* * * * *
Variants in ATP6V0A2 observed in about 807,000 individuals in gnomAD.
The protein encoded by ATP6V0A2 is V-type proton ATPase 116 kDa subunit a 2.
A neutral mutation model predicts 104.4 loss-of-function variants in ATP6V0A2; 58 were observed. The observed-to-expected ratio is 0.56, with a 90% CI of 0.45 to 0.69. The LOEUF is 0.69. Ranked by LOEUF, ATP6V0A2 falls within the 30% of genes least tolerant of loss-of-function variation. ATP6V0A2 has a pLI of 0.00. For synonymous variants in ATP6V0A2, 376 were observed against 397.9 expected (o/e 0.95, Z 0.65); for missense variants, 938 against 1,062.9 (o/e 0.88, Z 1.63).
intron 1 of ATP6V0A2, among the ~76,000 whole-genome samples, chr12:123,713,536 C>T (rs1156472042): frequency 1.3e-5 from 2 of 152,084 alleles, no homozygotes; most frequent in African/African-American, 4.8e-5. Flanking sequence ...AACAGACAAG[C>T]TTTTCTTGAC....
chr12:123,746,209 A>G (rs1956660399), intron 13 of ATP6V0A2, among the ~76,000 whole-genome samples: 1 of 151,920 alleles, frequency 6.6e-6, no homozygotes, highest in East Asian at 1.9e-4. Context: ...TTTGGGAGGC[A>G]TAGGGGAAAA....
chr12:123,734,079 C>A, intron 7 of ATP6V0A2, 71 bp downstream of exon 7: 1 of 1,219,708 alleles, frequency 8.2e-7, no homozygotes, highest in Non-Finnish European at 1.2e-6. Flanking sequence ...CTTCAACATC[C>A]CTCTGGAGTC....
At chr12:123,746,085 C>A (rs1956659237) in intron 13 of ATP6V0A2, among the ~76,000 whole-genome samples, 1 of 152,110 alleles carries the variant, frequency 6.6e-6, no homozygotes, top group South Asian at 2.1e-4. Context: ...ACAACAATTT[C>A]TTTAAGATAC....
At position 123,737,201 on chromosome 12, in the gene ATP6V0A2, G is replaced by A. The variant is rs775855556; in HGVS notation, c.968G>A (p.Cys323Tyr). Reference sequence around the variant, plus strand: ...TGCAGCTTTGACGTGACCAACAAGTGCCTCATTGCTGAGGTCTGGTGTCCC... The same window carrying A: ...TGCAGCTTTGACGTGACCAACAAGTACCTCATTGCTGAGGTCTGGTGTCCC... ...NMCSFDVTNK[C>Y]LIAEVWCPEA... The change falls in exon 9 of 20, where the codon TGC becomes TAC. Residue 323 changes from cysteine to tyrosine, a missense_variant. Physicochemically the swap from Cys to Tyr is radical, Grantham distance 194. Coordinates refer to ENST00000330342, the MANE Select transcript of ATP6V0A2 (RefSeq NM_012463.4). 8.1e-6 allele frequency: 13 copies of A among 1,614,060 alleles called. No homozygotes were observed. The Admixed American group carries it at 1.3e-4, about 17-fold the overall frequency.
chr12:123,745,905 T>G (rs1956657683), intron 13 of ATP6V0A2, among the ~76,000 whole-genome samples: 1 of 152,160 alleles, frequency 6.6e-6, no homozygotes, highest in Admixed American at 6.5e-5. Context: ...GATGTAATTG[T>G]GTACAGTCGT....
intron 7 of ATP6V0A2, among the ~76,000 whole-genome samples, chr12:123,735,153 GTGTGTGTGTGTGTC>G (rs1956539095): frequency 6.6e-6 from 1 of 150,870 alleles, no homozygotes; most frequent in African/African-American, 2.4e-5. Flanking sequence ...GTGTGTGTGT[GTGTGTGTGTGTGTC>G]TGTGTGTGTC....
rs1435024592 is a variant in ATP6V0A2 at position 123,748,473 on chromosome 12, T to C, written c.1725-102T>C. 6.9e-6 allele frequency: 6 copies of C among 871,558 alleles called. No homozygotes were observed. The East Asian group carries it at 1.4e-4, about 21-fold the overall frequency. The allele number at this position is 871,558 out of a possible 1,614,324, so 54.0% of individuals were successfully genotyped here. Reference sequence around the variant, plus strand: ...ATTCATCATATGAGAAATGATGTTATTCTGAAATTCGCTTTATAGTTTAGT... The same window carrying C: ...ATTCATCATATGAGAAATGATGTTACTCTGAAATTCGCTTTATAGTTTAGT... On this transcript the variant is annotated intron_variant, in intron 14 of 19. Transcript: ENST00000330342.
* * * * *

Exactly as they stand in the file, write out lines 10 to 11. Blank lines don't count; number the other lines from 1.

intron 7 of ATP6V0A2, among the ~76,000 whole-genome samples, chr12:123,735,153 GTGTGTGTGTGTGTC>G (rs1956539095): frequency 6.6e-6 from 1 of 150,870 alleles, no homozygotes; most frequent in African/African-American, 2.4e-5. Flanking sequence ...GTGTGTGTGT[GTGTGTGTGTGTGTC>G]TGTGTGTGTC....
rs1435024592 is a variant in ATP6V0A2 at position 123,748,473 on chromosome 12, T to C, written c.1725-102T>C. 6.9e-6 allele frequency: 6 copies of C among 871,558 alleles called. No homozygotes were observed. The East Asian group carries it at 1.4e-4, about 21-fold the overall frequency. The allele number at this position is 871,558 out of a possible 1,614,324, so 54.0% of individuals were successfully genotyped here. Reference sequence around the variant, plus strand: ...ATTCATCATATGAGAAATGATGTTATTCTGAAATTCGCTTTATAGTTTAGT... The same window carrying C: ...ATTCATCATATGAGAAATGATGTTACTCTGAAATTCGCTTTATAGTTTAGT... On this transcript the variant is annotated intron_variant, in intron 14 of 19. Transcript: ENST00000330342.